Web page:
Soon after we had our son, Harry, we realized our former home was not going to work for our family as long as we had planned. We designed/renovated the house when our daughter, Grace, was still a baby and our visions of a chic family home were ill-informed.
For instance- having a lacquered den with a gorgeous tortoiseshell wallpapered bar a few steps from the kitchen on the first floor, and the playroom in a converted attic space on the third floor, was fine with one baby. It even worked when that baby became a toddler. But when we added a second baby, carrying that baby, a toddler, and all of their accoutrement up and down steep attic stairs multiple times a
day hour got real old, real fast. Suddenly that conveniently located, lucius-lacquered den was looking less swanky and more like a relic of our former childless lives.
At first we made do with a “playroom-lite” makeover in the den- switching out our brass and lucite antique coffee table for a train table, and moving down our daughters play kitchen to sit opposite our bar like some demented dueling Top Chef set. But shortly thereafter I called our realtor, a family friend, and asked her to start looking.
We knew we wanted to be in a particular little neighborhood, and houses didn’t come up for sale there often. Adding to that our desire for a fixer-upper, and maybe something mid-century modern this time? We were prepared to wait awhile for the right thing to come on the market. It turned out we didn’t have to wait that long. In fact, it happened almost too fast. Though we realized our old house wasn’t going to work for us as our family continued to grow, we loved it and wanted to stay at least another couple of years. But when our realtor called a few weeks later to tell us she had something special- we didn’t waste any time.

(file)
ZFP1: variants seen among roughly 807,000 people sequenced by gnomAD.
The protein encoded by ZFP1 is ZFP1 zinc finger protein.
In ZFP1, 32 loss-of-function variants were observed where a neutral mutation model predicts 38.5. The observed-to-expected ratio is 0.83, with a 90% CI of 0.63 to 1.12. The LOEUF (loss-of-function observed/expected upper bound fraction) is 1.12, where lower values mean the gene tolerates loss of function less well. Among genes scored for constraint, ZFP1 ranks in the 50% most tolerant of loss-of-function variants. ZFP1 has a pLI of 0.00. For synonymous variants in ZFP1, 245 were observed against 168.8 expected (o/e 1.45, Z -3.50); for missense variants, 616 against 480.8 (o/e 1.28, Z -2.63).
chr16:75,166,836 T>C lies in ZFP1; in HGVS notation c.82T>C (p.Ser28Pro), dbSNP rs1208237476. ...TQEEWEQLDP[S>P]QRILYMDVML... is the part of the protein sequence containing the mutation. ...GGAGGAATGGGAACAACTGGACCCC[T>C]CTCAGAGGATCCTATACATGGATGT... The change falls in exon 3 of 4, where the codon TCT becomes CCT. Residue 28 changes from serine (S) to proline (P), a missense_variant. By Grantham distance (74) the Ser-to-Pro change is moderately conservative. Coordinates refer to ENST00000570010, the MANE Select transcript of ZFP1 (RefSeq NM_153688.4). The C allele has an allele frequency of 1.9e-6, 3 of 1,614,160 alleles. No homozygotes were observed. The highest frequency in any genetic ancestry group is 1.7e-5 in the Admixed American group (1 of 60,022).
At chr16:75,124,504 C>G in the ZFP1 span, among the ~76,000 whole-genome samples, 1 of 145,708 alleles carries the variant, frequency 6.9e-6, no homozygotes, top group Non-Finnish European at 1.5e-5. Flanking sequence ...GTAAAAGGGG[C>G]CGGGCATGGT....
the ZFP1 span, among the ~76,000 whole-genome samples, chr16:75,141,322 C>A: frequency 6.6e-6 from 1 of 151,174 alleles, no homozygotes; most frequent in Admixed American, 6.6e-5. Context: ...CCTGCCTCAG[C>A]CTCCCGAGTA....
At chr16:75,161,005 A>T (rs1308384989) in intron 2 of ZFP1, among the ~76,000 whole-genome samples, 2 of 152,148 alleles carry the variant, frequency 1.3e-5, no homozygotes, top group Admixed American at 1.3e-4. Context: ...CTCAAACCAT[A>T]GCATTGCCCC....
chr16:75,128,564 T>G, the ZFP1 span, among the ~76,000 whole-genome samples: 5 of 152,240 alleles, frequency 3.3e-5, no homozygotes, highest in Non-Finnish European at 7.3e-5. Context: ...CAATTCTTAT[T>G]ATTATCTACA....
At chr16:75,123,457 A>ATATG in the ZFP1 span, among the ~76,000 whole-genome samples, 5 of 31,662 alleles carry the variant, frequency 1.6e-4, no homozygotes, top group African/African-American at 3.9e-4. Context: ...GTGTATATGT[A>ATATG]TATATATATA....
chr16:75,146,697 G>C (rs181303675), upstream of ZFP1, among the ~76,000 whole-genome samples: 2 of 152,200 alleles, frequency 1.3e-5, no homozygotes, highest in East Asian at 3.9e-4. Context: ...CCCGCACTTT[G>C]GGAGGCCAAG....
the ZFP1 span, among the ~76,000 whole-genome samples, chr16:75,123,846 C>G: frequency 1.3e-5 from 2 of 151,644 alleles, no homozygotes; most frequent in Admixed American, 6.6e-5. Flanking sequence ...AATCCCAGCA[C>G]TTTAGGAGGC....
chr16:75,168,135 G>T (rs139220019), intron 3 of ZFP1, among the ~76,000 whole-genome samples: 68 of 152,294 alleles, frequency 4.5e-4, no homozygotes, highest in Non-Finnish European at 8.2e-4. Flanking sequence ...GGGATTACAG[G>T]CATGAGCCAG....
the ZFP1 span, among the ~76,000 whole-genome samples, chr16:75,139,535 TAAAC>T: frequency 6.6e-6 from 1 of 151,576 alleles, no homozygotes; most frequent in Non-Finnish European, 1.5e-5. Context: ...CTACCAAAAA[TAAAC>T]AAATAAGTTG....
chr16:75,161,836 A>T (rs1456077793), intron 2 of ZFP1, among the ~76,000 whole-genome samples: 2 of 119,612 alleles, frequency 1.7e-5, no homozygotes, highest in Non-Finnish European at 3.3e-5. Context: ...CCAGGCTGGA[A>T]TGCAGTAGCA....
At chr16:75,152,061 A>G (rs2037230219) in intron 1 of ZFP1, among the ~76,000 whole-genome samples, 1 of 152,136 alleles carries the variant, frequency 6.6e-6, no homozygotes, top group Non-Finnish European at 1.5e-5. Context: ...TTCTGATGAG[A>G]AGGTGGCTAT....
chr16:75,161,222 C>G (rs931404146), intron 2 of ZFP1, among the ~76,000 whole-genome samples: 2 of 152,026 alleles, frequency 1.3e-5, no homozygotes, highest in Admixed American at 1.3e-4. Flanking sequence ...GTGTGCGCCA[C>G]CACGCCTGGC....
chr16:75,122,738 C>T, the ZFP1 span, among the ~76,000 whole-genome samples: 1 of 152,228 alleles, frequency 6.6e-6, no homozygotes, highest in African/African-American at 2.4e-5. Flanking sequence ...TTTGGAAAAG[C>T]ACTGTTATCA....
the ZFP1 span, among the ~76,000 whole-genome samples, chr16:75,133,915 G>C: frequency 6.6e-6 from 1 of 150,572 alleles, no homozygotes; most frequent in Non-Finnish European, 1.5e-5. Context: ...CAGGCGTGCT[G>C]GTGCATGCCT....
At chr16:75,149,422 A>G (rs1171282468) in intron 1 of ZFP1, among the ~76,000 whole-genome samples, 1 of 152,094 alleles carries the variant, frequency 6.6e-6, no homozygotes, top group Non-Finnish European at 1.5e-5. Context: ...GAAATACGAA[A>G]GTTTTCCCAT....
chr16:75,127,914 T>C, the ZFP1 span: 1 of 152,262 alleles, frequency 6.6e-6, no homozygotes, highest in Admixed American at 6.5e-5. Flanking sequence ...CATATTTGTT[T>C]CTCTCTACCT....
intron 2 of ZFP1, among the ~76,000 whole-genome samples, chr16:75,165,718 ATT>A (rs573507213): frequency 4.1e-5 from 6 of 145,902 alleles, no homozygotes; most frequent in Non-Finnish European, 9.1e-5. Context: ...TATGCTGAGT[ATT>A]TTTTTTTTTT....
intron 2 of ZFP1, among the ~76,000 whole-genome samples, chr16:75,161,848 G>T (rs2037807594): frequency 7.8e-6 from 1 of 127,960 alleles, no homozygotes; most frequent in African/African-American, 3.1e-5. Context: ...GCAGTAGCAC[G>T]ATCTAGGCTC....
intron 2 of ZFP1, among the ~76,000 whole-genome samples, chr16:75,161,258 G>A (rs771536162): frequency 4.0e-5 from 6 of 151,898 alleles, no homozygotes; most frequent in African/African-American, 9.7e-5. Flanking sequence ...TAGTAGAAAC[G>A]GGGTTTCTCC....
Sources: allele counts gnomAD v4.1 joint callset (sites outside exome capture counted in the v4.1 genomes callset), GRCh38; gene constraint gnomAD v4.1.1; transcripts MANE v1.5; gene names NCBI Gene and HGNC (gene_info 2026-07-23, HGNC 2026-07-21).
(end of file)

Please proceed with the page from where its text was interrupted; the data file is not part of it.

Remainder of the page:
Right in the middle of our dream hood, it definitely wasn’t modern, though it had a modern 1960s addition at the back. The best part? It hadn’t been updated in over 30 years.
The first thing I did after our offer was accepted, was reach out to Curtis & Windham architects. I have been a longtime fangirl for their work preserving historic Houston homes, as well as their new-builds which have a timeless grace and a modern perspective.
In the end, it was good that we found our house when we did, as the renovation took way longer than we expected and by the time we actually moved we were bursting out of our old house. It was also such a blessing to work with Curtis & Windham on this project, not only to help me keep calm and carry on when we encountered some of the many hurdles that come with renovating an old home, but because they were so generous with their talent and knowledge and helped me grow and refine my taste.
There is so much I have to say about the project now that I can finally share it here, but I wanted to start with a few of the before & afters, because like Cher I get my main thrill in life from a makeover and this one puts Ty’s new look to shame:
The house was built in the early 1920s, and had an extensive renovation that included a large modern addition in the 1960s. Since then, it had been lovingly maintained by the family we bought it from. While I love a retro kitchen, we felt the mid-century vibes throughout clashed with the true 1920s spirit of the home, and wanted to bring things together with it’s classic colonial core in mind.
Before there was a laundry room located on the other side of the wall behind the refrigerator, just off the back door. We moved the laundry upstairs, and added on a few square feet so we could have a mudroom at the back entry, and a breakfast room off the kitchen.
Ta da!!! The inspiration for the kitchen design actually came from the sink- not pictured here today- which is hypocritical because I HATE IT when design magazines talk about rooms that aren’t pictured in the article- but that’s a post for another day.
If you haven’t gotten your hands on an issue of the February House Beautiful yet- they posted more pics from our feature online!
Image from House Beautiful by Trevor Tondro
Before & After Images by Bailey McCarthy